ELECTIONS IN 1880. posite the city of London, and for many years IN 1880 general elections will be held in the city considered a portion of that metropolis.

of Philadelphia as follows : Spring Garden appears on Varle's map of For city and ward officers, on Tuesday, Feb. 1796 as a small settlement between Vine st. and ruary 17th. To be clected : Receiver of Taxes, Buttonwood lane and a point on a line with City Solicitor, Magistrates, members of Councils, Seventh st. (then unopened), and extending as far Assessors, election officers, School Directors, etc. west as the Ridge road. There was a street Last day for payment of taxes, January 17th. (now known as Franklin st.) which ran north Last day for naiuralization, January 17th. from Vine st. across Callowhill, and stopped op- For Federal, State and county officers, on Tuesposite a house halfway between Callowhill st. day, November 2d. To be elected : Electors of and Buttonwood lane. The street now known as President and Vice-President of the United States, Eighth st. (then called Garden st.) ran through members of Congress, Justice of Supreme Court the centre of the district, and the street now of Pennsylvania, Auditor - General, Judge of called Garden st. (then known as Spring st.) ran Court of Common Plcas No 3, State Senators in from Vine to Buttonwood. Charles st. ran from odd-numbered districts, Representatives in GenCallowhill to Buttonwood. The district was in- eral Assembly, District Attorney, Coroner, Clerk corporated March 22, 1813, as “the Commis- of Quarter Sessions, City Controller, sioners and Inhabitants of the district of Spring Last days for extra assessment, September ist Garden." The original boundaries were Vine st. and ad. on the south; the middle of Hickory lane (after- Last day for payment of taxes, October 2d. ward Coates st., now Fairmount av.) on the Last day for naturalization, October 2d. north; Broad st, on the west, and the middle of Sixth st. on the cast. On March 21, 1827, the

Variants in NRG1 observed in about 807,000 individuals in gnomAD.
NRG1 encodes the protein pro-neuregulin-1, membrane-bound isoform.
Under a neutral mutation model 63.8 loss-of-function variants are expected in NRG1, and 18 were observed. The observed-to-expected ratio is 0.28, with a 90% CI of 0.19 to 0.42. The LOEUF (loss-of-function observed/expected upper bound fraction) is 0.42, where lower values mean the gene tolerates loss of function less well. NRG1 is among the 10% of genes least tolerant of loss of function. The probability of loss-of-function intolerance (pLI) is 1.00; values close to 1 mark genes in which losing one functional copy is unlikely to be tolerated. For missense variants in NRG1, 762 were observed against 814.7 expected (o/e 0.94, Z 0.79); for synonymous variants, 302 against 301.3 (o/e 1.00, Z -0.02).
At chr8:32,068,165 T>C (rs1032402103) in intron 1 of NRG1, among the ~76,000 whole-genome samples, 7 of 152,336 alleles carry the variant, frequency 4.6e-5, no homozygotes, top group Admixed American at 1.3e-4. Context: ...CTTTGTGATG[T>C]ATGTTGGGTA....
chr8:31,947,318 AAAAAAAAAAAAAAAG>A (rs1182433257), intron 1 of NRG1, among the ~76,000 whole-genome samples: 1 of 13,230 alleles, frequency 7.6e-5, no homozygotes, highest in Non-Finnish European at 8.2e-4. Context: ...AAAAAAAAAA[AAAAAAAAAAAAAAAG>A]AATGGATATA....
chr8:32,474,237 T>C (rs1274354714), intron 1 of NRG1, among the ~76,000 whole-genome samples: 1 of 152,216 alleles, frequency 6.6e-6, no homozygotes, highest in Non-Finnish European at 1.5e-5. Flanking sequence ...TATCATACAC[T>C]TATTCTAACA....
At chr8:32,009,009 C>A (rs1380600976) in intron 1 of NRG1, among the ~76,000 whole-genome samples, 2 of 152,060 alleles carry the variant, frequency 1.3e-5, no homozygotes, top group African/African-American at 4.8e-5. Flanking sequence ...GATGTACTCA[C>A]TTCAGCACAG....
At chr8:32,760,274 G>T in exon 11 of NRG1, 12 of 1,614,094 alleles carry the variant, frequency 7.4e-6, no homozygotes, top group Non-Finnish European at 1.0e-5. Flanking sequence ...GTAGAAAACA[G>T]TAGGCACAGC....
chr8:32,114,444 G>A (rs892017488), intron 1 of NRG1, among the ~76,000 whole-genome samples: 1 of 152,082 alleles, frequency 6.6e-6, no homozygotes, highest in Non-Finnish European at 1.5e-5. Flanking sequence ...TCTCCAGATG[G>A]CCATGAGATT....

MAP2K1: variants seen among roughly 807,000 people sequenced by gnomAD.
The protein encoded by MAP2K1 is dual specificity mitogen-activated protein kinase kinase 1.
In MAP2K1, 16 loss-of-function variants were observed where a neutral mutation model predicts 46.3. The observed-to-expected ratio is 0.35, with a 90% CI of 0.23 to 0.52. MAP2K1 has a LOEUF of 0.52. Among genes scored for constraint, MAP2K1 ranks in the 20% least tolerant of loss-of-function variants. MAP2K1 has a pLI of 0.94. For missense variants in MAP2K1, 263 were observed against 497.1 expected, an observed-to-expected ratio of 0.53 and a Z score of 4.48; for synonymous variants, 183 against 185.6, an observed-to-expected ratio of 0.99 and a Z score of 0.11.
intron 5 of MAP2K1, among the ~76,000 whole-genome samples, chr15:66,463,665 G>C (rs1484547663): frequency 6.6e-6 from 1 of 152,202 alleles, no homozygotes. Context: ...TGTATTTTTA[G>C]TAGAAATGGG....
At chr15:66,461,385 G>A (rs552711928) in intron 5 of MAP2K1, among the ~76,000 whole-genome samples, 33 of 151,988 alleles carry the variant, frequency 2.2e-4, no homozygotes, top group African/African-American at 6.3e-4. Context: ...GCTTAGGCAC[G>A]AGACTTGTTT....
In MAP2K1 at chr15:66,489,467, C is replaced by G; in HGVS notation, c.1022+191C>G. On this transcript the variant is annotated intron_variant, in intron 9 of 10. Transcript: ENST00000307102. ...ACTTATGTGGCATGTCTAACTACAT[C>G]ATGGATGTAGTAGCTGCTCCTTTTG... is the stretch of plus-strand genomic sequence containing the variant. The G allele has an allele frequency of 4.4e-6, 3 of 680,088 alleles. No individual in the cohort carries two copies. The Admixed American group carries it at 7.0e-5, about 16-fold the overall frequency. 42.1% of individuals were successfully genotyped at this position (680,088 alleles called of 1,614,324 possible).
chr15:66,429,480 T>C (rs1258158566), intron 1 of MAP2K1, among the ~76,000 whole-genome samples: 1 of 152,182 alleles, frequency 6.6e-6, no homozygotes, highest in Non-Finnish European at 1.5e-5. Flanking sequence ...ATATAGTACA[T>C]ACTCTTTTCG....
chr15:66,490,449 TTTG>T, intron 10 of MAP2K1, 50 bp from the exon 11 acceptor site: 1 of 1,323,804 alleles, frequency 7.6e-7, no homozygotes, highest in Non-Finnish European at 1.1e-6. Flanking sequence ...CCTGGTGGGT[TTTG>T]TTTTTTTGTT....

QUALIFICATIONS OF ELECTORS. district was enlarged by adding that part of VOTING ON AGE.-Every male citizen between Penn township beginning at the middle of the ages of twenty-one and twenty-two years may Sixth st. to a point 210 feet north of the north vote without being assessed. He must previously side of Poplar lane; thence north-west, parallel have resided in the State one year, and in the to the lane, at a distance of 200 feet from the lat. election district (or division) where he offers to ter, to the middle of Broad st; thence parallel vote for at least two months before the election. with Vine street to the river Schuylkill. The If his name is not on the registry of voters, he meaning of this was, that whilst the upper bound- must make affidavit, if a native citizen, as to his ary of the district took a course from Sixth st. west birthplace and residence in the district for two by north to Broad st., the line beyond the latter ran months, and in the State for one year, except in due cast and west to the Schuylkill. It extended case he had been a resident and removed there. by the course of that river to Vine st., and along from and again returned, when six months' resithe latter to Broad, where it met the old district dence will be sufficient. If he is not native born, Seventh Month,]

JULY.

(1880.

MOON'S PHASES, Philadelphia.
d. h. m.

d. h. m.
New Moon... 7 8 21 A.M. O Full Moon ...,21 4 2 P.M.
First Quarter 15 I 15 A.M. (Last Quarter28 6 40 P.M.

PHENOMENA.

| Day of the Year.

Day of the Month. Day of the Week.

3 36 25

1

2

316.5

192 IOS 193 11 S

THE SUN, THE MOON,

THE TIDES,
Philadelphia. Philadelphia.

Philadelphia.
Rises Souths Sets Rises. Souths Sets. High Tide. Low Tide.

(Apo., 4d.11h, P.M.
A.M.P.M. P.M. A.M.A.M. P.M. A.M. | P.M. A.M. P.M.
i.m.m. s.'h...'h. m. h. m. h. m. I. h. m. h. m. n. m

(Per., 200, 6h. A.M.

A. IN. 1831 Th 4 35 3 4 32 o 14 7 21

2 36 24

8

34 9 3 3 24 3 53 5.5 0.09 A.M. Óhe. 184 2 F 4 36 3 52 7 32

0 46 8
7

9 31 10 o 4 22 4 505.3 6.14 A.M. ÓWC. 185

3
S
4 37 4 3 7 32 I 22

8 55 4 33

26